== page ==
As the warm Spring sunshine lazily beats down on the muddy turf high on a Cornish hillside, the only sound that can be heard is the quiet tinkering of garden tools digging at the soil.
Taking a moment to catch his breath as he grapples with a new fence at this peaceful site in Quintrell Downs is Phil Richards, the inaugural chairman of the Park An Colan Allotment Association. The green-fingered group was set up after the Duchy of Cornwall gifted former farmland to the community, just a stone’s throw from its Nansledan development on the edge of Newquay.
The land has seen quite a transformation after being handed over to the enthusiastic allotment association last October. Since then, a team of local people has toiled at the turf, creating 30 allotment plots, and have recently welcomed a clutch of uniform potting sheds among the flora and fauna, supplied by the Duchy.
When the association first arrived at the site, it was in need of some TLC. Having been ploughed and harrowed over, reminders of its crop-growing past could still be seen sprouting up through the three acres of land. A lot of elbow grease would be needed to get the plots ready to welcome their first line of seeds.
Phil, also known as Wilson’s Dad, thanks to his beloved pet dog, another familiar face at the allotments, said: “We have got a core group of people who have rolled up their sleeves and got stuck in and you can already see their hard work paying off with gardens ready to sow and fences put up. We have got a real mix of people here, from pensioners to young couples and families and they are all joining in to get the allotments looking their best.”
When they put out the call for growing enthusiasts from the local area, Phil said the association members knew they would be inundated.
He said: “We took over the allotments in October and we advertised the plots for people living in the Newquay area. We knew that there was a real need for more allotments locally. I put my name down for one when I first moved here and I was about 195 on the list.”
Trees are already taking root and strawberry and gooseberry bushes have been planted among the plots. And while some have already begun sowing their seeds, others are taking a more methodical approach.
“I have used grid paper to mark out exactly what I want to do and where I want to put it all,” said Phil. “And I’ve been putting up a fence. We have a lot of rabbits up here so we need the fences to keep everything safe and secure.”
Sprucing up the unused farmland and transforming it into a fruit and veg community hub began when the Duchy of Cornwall offered to gift land to the allotment association.
With a series of allotments and green spaces already taking shape as part of the Duchy’s neighbouring Nansledan development, the donated land is a way of reinforcing its commitment to encouraging local food production and more sustainable lifestyles.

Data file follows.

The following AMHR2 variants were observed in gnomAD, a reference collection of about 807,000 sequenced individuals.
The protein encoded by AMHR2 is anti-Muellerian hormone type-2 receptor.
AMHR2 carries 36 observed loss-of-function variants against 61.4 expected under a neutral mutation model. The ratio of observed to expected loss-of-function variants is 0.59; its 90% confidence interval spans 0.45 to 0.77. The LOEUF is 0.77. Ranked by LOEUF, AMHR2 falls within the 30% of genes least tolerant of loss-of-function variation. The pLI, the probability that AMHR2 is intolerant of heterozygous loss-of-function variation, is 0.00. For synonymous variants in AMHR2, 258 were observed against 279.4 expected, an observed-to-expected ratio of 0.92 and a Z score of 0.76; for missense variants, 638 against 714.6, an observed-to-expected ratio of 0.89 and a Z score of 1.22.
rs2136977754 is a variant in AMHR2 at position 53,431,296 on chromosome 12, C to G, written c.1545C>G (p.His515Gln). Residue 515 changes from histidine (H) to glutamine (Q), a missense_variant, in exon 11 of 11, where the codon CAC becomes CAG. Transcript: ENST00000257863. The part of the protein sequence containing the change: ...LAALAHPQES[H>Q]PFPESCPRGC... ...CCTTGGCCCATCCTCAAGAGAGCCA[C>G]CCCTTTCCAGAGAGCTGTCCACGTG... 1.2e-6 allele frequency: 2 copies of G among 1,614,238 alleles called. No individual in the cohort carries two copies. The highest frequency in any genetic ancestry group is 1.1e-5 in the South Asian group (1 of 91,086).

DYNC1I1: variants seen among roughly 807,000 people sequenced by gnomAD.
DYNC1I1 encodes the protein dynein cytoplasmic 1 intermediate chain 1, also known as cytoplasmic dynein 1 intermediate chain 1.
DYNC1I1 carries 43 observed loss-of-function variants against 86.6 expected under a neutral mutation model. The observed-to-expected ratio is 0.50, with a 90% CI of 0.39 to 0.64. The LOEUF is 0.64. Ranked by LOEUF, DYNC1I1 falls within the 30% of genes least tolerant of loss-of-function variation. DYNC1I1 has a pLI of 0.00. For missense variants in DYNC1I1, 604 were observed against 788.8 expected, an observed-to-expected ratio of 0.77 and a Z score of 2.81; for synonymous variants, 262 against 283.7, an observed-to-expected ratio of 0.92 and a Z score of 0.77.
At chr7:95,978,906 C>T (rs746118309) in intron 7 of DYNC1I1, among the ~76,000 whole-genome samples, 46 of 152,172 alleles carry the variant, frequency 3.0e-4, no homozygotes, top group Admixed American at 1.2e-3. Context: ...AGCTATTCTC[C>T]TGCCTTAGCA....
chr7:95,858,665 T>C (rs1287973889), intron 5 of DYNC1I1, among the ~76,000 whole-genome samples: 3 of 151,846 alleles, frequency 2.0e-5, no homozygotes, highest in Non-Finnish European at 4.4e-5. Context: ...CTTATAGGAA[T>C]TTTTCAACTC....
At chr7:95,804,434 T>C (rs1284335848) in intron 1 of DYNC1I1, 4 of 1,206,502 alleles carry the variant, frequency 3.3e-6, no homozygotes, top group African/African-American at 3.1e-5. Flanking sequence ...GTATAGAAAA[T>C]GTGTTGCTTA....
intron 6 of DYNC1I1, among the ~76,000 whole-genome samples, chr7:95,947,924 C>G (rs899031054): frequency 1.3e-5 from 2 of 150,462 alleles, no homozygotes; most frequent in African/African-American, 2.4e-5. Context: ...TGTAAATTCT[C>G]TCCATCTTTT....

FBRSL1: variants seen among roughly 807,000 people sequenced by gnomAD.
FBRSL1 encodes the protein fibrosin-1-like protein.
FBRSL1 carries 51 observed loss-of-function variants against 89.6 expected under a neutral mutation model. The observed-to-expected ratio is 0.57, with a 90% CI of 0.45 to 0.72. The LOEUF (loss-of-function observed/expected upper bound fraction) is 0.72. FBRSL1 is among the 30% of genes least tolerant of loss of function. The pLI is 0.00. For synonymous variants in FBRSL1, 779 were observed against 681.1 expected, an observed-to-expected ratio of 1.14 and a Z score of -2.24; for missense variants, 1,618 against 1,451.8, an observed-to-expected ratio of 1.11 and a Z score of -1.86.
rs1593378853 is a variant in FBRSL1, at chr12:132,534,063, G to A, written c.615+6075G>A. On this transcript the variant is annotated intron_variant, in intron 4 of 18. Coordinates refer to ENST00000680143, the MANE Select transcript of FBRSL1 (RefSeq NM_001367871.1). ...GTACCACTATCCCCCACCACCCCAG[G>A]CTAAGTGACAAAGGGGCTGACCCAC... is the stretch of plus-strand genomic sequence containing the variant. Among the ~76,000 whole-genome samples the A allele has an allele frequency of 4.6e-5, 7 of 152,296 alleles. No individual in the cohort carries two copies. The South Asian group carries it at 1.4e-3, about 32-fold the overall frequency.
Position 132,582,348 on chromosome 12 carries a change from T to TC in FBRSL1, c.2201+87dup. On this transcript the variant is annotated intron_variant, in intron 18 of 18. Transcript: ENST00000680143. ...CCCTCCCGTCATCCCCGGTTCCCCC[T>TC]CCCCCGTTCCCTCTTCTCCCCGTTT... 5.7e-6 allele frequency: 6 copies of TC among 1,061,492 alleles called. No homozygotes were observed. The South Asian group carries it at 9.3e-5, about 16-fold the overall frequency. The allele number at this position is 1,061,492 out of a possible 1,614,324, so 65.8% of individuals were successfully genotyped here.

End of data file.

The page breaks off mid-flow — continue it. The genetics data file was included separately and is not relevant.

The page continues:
Nansledan has already seen a former Duchy-owned paddock revitalised with allotments and a community orchard, and further neighbourhood gardening plots, recreation space, pedestrian and cycle paths are all planned. Park An Colan is now the third set of allotment gardens so far associated with Nansledan.
As well as the individual plots, the Park An Colan Allotment Association worked with the Duchy to create a new hardstanding track, which was built to allow ease of access for people bringing things to and from their allotments. In keeping with Nansledan’s sustainable approach, all the soil removed to make way for the track has been put to good use.
New embankments have been created with another area earmarked as an orchard, and a working party has looked at hedgerows surrounding the allotments, turning them in to sustainable hedgehog habitats.
Phil added: “Over time this will become a really special place to enjoy and we look forward to inviting the local community along to take a look at what we have created and buy some of our produce.
“It has been absolutely brilliant working with the Duchy of Cornwall. We have formed a very strong partnership and it’s lovely to see our relationship growing through our allotments.
“I think it is fantastic that the Duchy has given this land to the community. It is an incredibly neighbourly thing to do and with land at a real premium it is a valuable asset, so gifting something like this to local people is brilliant.”
Just before he begins another onslaught on the land’s unwanted weeds, Phil pauses to take in his surroundings; from the green shoots emerging among the plots, to the sheds being carefully daubed with colourful paint by an eager young boy, and the pensioners stood together swapping their years of gardening knowledge.
“This land has gone from something that was barren and unused to a stretch of allotments growing plants, fruit and vegetables,” he said. “And alongside that, a thriving community has grown, which is passionate about getting the most out of our square plots of land and sharing our knowledge and experience to support each other and the local wildlife.
“This is a wonderful place to be.”